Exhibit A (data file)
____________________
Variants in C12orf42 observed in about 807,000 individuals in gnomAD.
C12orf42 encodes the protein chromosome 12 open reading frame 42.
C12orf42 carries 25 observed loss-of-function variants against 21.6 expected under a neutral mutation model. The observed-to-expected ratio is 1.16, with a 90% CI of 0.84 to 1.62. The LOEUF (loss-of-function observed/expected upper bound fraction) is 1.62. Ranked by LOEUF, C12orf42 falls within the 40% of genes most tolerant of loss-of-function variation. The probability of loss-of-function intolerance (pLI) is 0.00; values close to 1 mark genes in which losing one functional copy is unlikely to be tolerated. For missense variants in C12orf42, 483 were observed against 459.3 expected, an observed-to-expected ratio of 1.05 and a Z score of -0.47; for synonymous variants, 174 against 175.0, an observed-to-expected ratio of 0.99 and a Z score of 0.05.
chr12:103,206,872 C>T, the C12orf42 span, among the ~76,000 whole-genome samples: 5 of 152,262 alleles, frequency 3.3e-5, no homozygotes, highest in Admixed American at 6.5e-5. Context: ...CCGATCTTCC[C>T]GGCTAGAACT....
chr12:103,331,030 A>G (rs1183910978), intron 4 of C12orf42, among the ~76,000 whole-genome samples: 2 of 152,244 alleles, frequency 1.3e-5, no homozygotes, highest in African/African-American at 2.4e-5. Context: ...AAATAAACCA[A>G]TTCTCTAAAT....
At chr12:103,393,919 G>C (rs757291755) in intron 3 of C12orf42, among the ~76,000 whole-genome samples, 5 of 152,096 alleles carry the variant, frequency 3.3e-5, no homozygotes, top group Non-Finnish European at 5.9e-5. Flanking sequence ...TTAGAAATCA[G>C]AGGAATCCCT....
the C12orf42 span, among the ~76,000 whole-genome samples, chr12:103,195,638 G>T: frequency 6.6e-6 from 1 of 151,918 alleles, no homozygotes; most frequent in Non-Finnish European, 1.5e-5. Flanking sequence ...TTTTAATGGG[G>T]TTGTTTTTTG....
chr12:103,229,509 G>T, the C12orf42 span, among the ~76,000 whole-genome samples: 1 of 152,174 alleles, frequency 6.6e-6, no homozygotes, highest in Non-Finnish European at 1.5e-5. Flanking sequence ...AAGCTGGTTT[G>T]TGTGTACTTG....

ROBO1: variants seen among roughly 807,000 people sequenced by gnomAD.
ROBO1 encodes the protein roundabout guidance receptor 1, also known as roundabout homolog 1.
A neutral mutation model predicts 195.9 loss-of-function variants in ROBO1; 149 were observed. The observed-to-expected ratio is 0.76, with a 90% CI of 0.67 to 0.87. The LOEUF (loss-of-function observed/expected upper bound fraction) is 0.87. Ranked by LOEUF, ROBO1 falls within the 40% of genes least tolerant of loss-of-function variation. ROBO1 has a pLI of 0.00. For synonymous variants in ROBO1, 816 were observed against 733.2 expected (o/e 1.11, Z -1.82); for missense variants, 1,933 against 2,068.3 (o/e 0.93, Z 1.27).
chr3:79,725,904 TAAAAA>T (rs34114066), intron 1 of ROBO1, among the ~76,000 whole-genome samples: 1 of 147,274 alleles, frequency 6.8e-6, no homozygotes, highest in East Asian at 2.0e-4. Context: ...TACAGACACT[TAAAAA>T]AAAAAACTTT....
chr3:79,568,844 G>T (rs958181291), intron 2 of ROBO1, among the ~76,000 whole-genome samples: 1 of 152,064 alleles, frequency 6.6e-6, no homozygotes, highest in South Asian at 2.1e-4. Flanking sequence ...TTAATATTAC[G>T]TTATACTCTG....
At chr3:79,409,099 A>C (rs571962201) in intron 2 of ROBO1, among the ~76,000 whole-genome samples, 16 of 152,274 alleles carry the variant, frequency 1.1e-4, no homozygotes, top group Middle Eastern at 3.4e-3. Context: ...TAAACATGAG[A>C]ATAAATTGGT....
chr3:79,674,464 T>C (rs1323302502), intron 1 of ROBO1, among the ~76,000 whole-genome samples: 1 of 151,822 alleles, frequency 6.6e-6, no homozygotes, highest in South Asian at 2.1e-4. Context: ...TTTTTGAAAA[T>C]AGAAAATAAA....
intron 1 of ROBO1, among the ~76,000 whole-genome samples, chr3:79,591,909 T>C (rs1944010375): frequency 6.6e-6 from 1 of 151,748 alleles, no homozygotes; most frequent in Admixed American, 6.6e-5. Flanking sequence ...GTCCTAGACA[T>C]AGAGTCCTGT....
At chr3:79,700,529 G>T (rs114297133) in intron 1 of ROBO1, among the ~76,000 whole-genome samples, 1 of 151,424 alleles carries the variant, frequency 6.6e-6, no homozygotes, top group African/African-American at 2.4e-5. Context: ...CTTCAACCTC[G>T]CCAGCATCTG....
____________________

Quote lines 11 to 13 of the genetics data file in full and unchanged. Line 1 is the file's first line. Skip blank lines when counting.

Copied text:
A neutral mutation model predicts 195.9 loss-of-function variants in ROBO1; 149 were observed. The observed-to-expected ratio is 0.76, with a 90% CI of 0.67 to 0.87. The LOEUF (loss-of-function observed/expected upper bound fraction) is 0.87. Ranked by LOEUF, ROBO1 falls within the 40% of genes least tolerant of loss-of-function variation. ROBO1 has a pLI of 0.00. For synonymous variants in ROBO1, 816 were observed against 733.2 expected (o/e 1.11, Z -1.82); for missense variants, 1,933 against 2,068.3 (o/e 0.93, Z 1.27).
chr3:79,725,904 TAAAAA>T (rs34114066), intron 1 of ROBO1, among the ~76,000 whole-genome samples: 1 of 147,274 alleles, frequency 6.8e-6, no homozygotes, highest in East Asian at 2.0e-4. Context: ...TACAGACACT[TAAAAA>T]AAAAAACTTT....
chr3:79,568,844 G>T (rs958181291), intron 2 of ROBO1, among the ~76,000 whole-genome samples: 1 of 152,064 alleles, frequency 6.6e-6, no homozygotes, highest in South Asian at 2.1e-4. Flanking sequence ...TTAATATTAC[G>T]TTATACTCTG....